Replacing employee on chemo

Touchy situation – your advice would be welcome.

Approx. 4 months ago our warehouse supv. started chemo treatments. Due to age & previous heart condition, our president anticipated an extended absence, and due to the necessity of having someone in the position, our president hired a new person. This person was hired as a permanent employee and was given the same title as the original supv. (Not a good way to start out.)

The original supv. ended up missing very little time (approx 2 days every 2-3 weeks) and it has been a little awkward having this new guy hanging around. And yes, there has been some animosity between the two. (Although I think the new guy has done a decent job of fitting in, considering the circumstances.)

Now the original supv. ended up missing all last week and is expected to be gone a few more weeks. New guy is quickly moving in to take over duties (which I understand, this is what he was hired to do.) Yesterday, president mentions to me that he has been working to get original supv. to understand that he is now supposed to be reporting to the new guy.

I would like to have a conversation with the president and line out some kind of plan to smooth things over with the original supervisor, and help these two work together well when he returns. But aside from avoiding emotional blowups, I also want to avoid potential lawsuits. The original supv. is 65, but we have no mandatory retirement age, so he can work as long as he is able. (He has been here well over 20 years.) To my knowledge he is not losing any pay, but possibly some of his duties.

One other factor: we are in the process of expanding, and one explanation of hiring the new guy is to take care of some transition issues during this expansion.

Your thoughts / advice?


  • 6 Comments sorted by Votes Date Added
  • What happened to the FMLA in this mess? Was the employee eligible for it? Had he already used his time? Would he qualify as a "key" employee or just a needed position? Did you notify him that he was eligible for FMLA? FMLA means job protection and if you or someone in your organization hired someone to replace him and gave the new employee his job and title, and then asked him to report to his replacement, you are in hot water!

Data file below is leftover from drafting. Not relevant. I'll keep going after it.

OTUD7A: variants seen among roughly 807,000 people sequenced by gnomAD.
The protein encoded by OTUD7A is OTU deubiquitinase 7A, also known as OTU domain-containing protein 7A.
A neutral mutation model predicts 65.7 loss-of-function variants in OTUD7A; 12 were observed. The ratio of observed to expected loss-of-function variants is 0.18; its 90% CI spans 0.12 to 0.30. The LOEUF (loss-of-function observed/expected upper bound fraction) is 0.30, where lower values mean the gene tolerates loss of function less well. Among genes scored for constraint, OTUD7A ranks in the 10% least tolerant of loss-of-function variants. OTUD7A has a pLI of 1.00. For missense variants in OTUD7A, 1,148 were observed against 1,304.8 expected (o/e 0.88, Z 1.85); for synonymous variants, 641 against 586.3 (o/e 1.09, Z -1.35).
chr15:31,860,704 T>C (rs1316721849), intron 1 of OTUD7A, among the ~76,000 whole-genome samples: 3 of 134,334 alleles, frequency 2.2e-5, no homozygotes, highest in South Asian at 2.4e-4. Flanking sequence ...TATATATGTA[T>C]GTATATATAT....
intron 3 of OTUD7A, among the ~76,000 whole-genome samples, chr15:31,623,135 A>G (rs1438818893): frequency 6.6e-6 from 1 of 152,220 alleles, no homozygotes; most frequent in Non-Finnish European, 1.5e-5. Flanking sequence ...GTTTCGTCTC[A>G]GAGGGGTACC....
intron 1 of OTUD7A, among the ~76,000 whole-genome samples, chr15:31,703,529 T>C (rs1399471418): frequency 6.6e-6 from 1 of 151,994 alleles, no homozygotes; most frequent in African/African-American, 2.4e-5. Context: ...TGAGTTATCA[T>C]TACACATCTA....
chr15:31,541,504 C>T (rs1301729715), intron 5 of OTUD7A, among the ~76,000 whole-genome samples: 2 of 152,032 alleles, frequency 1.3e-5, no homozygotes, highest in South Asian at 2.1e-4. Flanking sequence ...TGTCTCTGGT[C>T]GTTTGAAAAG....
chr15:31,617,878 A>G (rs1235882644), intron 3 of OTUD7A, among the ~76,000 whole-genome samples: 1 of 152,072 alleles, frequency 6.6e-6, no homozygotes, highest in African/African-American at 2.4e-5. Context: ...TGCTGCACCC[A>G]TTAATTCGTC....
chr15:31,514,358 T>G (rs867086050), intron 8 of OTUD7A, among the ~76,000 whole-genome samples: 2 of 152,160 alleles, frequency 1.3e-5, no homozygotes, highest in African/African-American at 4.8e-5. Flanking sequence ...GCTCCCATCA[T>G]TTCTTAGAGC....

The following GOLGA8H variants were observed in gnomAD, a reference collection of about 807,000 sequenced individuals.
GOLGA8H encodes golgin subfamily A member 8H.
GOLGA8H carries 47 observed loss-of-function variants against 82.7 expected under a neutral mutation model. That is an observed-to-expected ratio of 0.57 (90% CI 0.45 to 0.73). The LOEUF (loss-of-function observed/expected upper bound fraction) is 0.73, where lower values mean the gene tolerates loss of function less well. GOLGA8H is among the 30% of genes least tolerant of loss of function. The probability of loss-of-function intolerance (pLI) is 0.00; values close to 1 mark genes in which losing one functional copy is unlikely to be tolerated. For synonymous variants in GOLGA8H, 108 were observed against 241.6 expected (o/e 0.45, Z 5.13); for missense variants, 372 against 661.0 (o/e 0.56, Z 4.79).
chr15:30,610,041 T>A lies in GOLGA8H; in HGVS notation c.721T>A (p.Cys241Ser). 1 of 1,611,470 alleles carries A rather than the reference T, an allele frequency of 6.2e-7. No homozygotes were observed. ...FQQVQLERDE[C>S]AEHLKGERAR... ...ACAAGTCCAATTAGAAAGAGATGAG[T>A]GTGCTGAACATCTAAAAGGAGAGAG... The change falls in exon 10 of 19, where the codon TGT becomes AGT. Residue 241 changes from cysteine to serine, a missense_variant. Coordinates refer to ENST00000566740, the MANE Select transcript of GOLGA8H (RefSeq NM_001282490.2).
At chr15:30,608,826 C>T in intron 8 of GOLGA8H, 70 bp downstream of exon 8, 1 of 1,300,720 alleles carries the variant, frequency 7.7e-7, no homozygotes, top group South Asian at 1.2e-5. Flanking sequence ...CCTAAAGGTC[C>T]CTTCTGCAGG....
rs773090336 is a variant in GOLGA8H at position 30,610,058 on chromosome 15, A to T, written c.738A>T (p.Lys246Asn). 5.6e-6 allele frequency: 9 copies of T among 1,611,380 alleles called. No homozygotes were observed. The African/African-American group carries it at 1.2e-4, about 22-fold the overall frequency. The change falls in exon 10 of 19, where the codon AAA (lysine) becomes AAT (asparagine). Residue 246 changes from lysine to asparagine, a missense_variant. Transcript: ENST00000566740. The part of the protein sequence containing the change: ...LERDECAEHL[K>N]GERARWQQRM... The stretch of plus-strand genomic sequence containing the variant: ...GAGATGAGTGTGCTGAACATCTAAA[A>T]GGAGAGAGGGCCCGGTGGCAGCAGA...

• You'll love this. I spoke to the ee about FMLA when this all started and he said something about how he was not going to mess with that crap. I mentioned to the president that I wanted to force the issue on the paperwork, or atleast give ee a written statement that we had started the FMLA clock, and he said let it go, don't worry about it. (His thought was that he did not intend to cut the ee lose after 12 weeks anyway, so he didn't want to mess with it.) So I let it go (this is a one-time exception kind of thing.)

    I expect, if it comes down to the ee missing too much time, then he will file for FMLA and be granted 12 weeks at that time.

    So I'm more concerned about the job share deal. (The president doesn't see any reason why we can't just add a position, stating that the original ee hasn't been permanently replaced.)

    So, based on FMLA protection, does changing the reporting structure qualify as a concern, if his pay and title, and most of his job duties remain the same?
  • If it walks like a duck, if it quacks like a duck and if it smells like a duck, it is a duck. No matter what the president thinks, the company has given every appearance of ignoring FMLA, ADA, Age-discrimination etc. One-time exception is never an excuse for appearing to ignore the law. At this point, you should get in touch with an attorney.
  • You need to get your attorney involved, pronto. You have potential FMLA, ADA and age discrimination issues.
  • I echo the sentiments of the others. If this guy gets at least a decent employment attorney, he will probably be able to retire handsomely.

    Even if the employee did not want to mess with "all that crap", I would have sent him the paperwork certified, along with a letter explaining why this needed to be done and the repercussions to him if it was not done. You, as the employer, knew this was an FMLA qualifying event, so you are on the hook. I'd have designated this as FMLA anyway knowing that he was undergoing chemo.

    The other problem is the ADA. Even if this employee was not qualified for FMLA or had run out of FMLA,he would still qualify under ADA given the seriousness of his condition.

    All this gives the appearance of yes, this guy has been replaced. Someone was brought in while he was out with the same title, pay, etc.

    I do believe you need your attorney on this one.
  • "So, based on FMLA protection, does changing the reporting structure qualify as a concern, if his pay and title, and most of his job duties remain the same?"

    To answer that question, yes. The employee is entitled to be returned to the same or an equivalent position. An equivalent position is one that is virtually identical to the former one in terms of....and WORKING CONDITIONS (caps mine)....including privileges, perquisites and status. It must involve the same or substantially similar duties and responsibilities....same responsibility and authority.

    I have partially quoted from 29CFR 825.214 and 215. Putting this man in another reporting relationship, having him report to a new guy, is a violation of the Act.
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